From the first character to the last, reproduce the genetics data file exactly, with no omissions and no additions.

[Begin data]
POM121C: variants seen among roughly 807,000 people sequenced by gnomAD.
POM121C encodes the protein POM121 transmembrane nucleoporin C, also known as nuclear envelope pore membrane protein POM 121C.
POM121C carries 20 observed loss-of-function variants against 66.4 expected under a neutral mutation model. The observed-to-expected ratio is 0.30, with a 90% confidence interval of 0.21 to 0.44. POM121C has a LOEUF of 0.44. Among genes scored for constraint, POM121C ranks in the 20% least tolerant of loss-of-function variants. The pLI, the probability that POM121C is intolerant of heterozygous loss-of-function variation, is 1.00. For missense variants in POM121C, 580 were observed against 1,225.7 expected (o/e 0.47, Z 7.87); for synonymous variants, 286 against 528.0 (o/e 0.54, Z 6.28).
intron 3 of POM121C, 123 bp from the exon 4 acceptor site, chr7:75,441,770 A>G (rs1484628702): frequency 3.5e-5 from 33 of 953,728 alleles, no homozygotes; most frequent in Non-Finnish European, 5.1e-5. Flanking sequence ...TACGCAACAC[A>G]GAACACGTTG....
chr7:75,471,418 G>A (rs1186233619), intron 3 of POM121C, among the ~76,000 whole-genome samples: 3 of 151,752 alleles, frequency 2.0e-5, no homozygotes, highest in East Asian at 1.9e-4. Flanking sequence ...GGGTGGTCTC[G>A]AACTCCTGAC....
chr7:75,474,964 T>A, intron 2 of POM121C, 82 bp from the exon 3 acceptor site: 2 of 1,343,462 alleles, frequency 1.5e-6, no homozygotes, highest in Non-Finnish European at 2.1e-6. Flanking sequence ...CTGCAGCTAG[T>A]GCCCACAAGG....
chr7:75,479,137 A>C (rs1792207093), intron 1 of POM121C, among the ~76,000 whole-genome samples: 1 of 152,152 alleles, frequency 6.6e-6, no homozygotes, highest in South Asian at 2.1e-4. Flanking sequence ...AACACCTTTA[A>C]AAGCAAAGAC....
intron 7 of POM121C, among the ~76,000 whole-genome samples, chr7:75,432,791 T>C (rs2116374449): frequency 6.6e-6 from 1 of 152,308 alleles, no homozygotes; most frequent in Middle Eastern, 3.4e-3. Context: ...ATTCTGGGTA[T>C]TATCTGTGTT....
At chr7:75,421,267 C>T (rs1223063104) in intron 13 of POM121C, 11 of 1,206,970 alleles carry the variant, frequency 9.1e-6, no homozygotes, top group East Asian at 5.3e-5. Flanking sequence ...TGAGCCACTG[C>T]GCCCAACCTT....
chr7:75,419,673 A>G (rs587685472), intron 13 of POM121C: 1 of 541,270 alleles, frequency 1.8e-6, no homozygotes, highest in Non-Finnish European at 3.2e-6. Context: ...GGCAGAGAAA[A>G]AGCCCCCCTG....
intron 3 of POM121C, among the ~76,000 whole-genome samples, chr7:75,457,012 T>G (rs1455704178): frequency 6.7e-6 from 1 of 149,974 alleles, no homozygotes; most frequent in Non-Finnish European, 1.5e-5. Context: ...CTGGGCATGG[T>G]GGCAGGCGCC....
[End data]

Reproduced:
POM121C: variants seen among roughly 807,000 people sequenced by gnomAD.
POM121C encodes the protein POM121 transmembrane nucleoporin C, also known as nuclear envelope pore membrane protein POM 121C.
POM121C carries 20 observed loss-of-function variants against 66.4 expected under a neutral mutation model. The observed-to-expected ratio is 0.30, with a 90% confidence interval of 0.21 to 0.44. POM121C has a LOEUF of 0.44. Among genes scored for constraint, POM121C ranks in the 20% least tolerant of loss-of-function variants. The pLI, the probability that POM121C is intolerant of heterozygous loss-of-function variation, is 1.00. For missense variants in POM121C, 580 were observed against 1,225.7 expected (o/e 0.47, Z 7.87); for synonymous variants, 286 against 528.0 (o/e 0.54, Z 6.28).
intron 3 of POM121C, 123 bp from the exon 4 acceptor site, chr7:75,441,770 A>G (rs1484628702): frequency 3.5e-5 from 33 of 953,728 alleles, no homozygotes; most frequent in Non-Finnish European, 5.1e-5. Flanking sequence ...TACGCAACAC[A>G]GAACACGTTG....
chr7:75,471,418 G>A (rs1186233619), intron 3 of POM121C, among the ~76,000 whole-genome samples: 3 of 151,752 alleles, frequency 2.0e-5, no homozygotes, highest in East Asian at 1.9e-4. Flanking sequence ...GGGTGGTCTC[G>A]AACTCCTGAC....
chr7:75,474,964 T>A, intron 2 of POM121C, 82 bp from the exon 3 acceptor site: 2 of 1,343,462 alleles, frequency 1.5e-6, no homozygotes, highest in Non-Finnish European at 2.1e-6. Flanking sequence ...CTGCAGCTAG[T>A]GCCCACAAGG....
chr7:75,479,137 A>C (rs1792207093), intron 1 of POM121C, among the ~76,000 whole-genome samples: 1 of 152,152 alleles, frequency 6.6e-6, no homozygotes, highest in South Asian at 2.1e-4. Flanking sequence ...AACACCTTTA[A>C]AAGCAAAGAC....
intron 7 of POM121C, among the ~76,000 whole-genome samples, chr7:75,432,791 T>C (rs2116374449): frequency 6.6e-6 from 1 of 152,308 alleles, no homozygotes; most frequent in Middle Eastern, 3.4e-3. Context: ...ATTCTGGGTA[T>C]TATCTGTGTT....
At chr7:75,421,267 C>T (rs1223063104) in intron 13 of POM121C, 11 of 1,206,970 alleles carry the variant, frequency 9.1e-6, no homozygotes, top group East Asian at 5.3e-5. Flanking sequence ...TGAGCCACTG[C>T]GCCCAACCTT....
chr7:75,419,673 A>G (rs587685472), intron 13 of POM121C: 1 of 541,270 alleles, frequency 1.8e-6, no homozygotes, highest in Non-Finnish European at 3.2e-6. Context: ...GGCAGAGAAA[A>G]AGCCCCCCTG....
intron 3 of POM121C, among the ~76,000 whole-genome samples, chr7:75,457,012 T>G (rs1455704178): frequency 6.7e-6 from 1 of 149,974 alleles, no homozygotes; most frequent in Non-Finnish European, 1.5e-5. Context: ...CTGGGCATGG[T>G]GGCAGGCGCC....